"Children of a Lesser God": Looking for the 'I" in "us"

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STOCKBRIDGE — A setting of quiet and mystery greets audiences entering Berkshire Theatre Group's Fitzpatrick Main Stage where Kenny Leon's passionate, vigorously played, insightful production of Mark Medoff's "Children of a Lesser God" opened over the weekend.

The stage — evocatively lit by Mike Baldassan and designed by Derek McLane — is awash in blue; open, marked by only a few structures — four chairs, a few backless benches, three door frames. Fog does not actually appear but there is, nonetheless, a palpable sense of mist. It is, as "Children of a Lesser God" unfolds over its roughly 2 hours, the mist of time, of memory.

"Children of a Lesser God" — the title is from a line in Alfred Lord Tennyson's "Idylls of the King" — is framed by the looking-back narrative of a speech therapist named James Leeds (an appealing and engaging Joshua Jackson), who unfolds a compelling love story involving himself and a deaf woman named Sarah Norman (a thoroughly enchanting and beguiling Lauren Ridloff in a smashing, heart-rending acting debut). They meet at a school for the deaf where James teaches and the 26-year-old Sarah, who's been at the school since age 5, now works as a maid in the dorm. Her deafness is caused by a physical condition in her ears that cannot be fixed surgically.

Sarah has made her own way in a world that has misunderstood her, treated her with condescension that passes as compassion. She refuses to learn how to lip-read; how to speak.

She is at first mistrustful of James; wary, but in his affable, sincere, witty way, James navigates his way to her heart, her mind. and, yes, her body ... in a wooing that is single-minded in its pursuit and joyous to watch. These are two smart people who are not above getting in their own way at times, especially James, whose best intentions can lead him to miscalculate, especially at a crucial moment late in the play.

As played by Jackson and Ridloff, James and Sarah are two headstrong individuals with two very different styles. Sarah doesn't shy away from stating what she wants even if she needs the help of the speaking or hearing impaired to make her case on her behalf. And thereby hangs the dramatic crux of "Children of a Lesser God."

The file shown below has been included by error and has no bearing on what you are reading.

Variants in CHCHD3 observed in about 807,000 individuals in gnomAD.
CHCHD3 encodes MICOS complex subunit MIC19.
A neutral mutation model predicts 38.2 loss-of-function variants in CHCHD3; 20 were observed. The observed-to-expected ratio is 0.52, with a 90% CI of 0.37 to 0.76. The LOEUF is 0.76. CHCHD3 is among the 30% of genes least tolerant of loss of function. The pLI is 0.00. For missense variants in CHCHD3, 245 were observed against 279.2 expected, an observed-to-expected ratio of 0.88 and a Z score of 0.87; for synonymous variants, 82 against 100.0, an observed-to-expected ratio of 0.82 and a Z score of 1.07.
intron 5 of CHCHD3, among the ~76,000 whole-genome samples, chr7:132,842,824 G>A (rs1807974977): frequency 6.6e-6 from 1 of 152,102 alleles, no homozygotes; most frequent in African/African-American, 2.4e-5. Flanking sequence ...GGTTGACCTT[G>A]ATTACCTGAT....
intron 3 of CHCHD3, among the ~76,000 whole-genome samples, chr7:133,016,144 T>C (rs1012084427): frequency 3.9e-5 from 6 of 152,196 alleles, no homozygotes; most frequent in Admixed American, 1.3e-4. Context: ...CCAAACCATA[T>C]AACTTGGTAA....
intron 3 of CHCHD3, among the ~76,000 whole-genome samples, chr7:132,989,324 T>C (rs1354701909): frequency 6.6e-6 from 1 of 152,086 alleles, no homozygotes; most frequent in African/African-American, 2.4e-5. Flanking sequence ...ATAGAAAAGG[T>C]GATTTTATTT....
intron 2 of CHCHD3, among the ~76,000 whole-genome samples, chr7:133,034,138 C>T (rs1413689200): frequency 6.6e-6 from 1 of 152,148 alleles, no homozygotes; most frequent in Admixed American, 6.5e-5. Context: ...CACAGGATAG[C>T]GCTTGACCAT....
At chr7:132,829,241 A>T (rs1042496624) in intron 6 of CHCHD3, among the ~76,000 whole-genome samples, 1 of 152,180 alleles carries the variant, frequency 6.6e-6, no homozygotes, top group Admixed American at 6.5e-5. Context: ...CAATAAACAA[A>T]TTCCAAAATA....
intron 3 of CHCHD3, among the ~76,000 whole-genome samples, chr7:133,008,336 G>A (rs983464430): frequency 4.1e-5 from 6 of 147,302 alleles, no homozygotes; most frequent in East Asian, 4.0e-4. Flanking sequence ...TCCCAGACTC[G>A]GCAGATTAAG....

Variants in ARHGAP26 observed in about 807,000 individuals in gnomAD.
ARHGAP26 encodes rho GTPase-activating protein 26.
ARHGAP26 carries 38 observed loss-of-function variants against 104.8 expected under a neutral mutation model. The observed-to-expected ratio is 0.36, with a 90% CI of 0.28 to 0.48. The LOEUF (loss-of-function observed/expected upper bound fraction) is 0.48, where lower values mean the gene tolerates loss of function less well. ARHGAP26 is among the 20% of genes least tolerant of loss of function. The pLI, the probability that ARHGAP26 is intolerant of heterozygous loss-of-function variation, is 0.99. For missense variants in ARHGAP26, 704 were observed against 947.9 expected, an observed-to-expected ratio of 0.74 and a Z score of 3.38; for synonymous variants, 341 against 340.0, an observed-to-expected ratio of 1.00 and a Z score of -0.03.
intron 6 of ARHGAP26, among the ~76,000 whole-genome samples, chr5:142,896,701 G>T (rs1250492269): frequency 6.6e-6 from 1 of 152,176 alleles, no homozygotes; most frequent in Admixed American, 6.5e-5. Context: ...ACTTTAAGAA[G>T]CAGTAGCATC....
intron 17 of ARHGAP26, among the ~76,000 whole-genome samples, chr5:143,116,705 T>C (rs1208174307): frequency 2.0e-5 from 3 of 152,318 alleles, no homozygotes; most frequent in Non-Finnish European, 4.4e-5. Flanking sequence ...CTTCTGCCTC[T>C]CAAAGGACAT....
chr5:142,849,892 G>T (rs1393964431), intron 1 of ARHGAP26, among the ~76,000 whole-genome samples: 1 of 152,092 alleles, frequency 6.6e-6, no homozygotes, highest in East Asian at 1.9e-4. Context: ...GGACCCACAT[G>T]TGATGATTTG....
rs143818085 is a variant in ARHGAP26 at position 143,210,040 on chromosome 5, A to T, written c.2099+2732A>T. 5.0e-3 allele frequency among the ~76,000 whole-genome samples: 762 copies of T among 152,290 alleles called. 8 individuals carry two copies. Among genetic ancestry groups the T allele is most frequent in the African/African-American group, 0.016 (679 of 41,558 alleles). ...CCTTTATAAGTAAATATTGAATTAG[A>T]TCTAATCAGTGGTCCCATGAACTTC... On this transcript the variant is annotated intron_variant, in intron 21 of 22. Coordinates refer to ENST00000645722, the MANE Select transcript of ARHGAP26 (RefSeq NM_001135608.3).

"For all my life, I have been the creation of other people," Sarah writes in a speech she is preparing to give before a commission examining hiring practices at the school. What she wants, she says, "is to be joined to other people, but for all my life other people have spoken for me.

"Until you let me be an individual, an I, just as you are, you will never truly be able to come inside my silence and know me. And until you can do that, I will never let myself know you."

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James, who gets Sarah's need to be an I, maintains that to truly assert herself as herself, she needs to do the very thing she doesn't want — enter the world of the hearing and speaking by learning to speak.

"You will always have to be dependent on someone," James argues, "and you always will for the rest of your life until you learn to speak." And he is willing to risk everything toward that end.

With the exception of Treshelle Edmonds' excessive Lydia, an aggressively puerile adolescent at the school who has a big-time crush on James, the performances around Jackson and Ridloff are strong and authentic. John McGinty is persuasive Orin, a nearly life-long friend and schoolmate of Sarah named Orrin, who is hearing impaired and fired up over the fact that the school has no deaf or hearing impaired individuals on the faculty. Kecia Lewis is affecting as Sarah's estranged mother; and Stephen Spinella brings a deliciously edgy air of sarcasm, irony and point of view to the role of the school's administrator, Mr. Franklin.

But "Children of a Lesser God" belongs to James and Sarah. Leon's production is at its most compelling and incandescent when it is in the hands of either or both.

Jackson has the lion's share. He is on stage from beginning to end and handles the currents and eddies in James' emotional ride with uncommon skill. His James is irresistibly ingratiating — smart, funny, observant, capable of laughing at himself. He's a resourceful teacher; a man who wants nothing but the best for his students and who sees no reason why he and Sarah cannot build a lasting life together.

Ridloff's Sarah is as complex and layered as she is captivating — sexy, playful, proud, impudent, sassy, challenging, practiced at the art of protecting her fears and vulnerabilities. She is a deaf woman determined to beat hearing people at their own game, figuratively and literally. She takes defiant pleasure in upsetting people's assumptions and expectations. Watch the expression on her face as she navigates an almost impossible contract playing bridge with James as her her partner, against the duo of her mother and Mr. Franklin.

It should come as no surprise that in a play that is very much about connection and connecting, Sarah, in her speech for the commission, talks about what that means for her. The sign "to connect," she says. is a simple one "but it means so much more when it is moved between us like this. Now it means to be joined in a shared relationship, to be individual yet as one. A whole concept just like that."

What a concept.

Reach Jeffrey Borak at 413-496-6212


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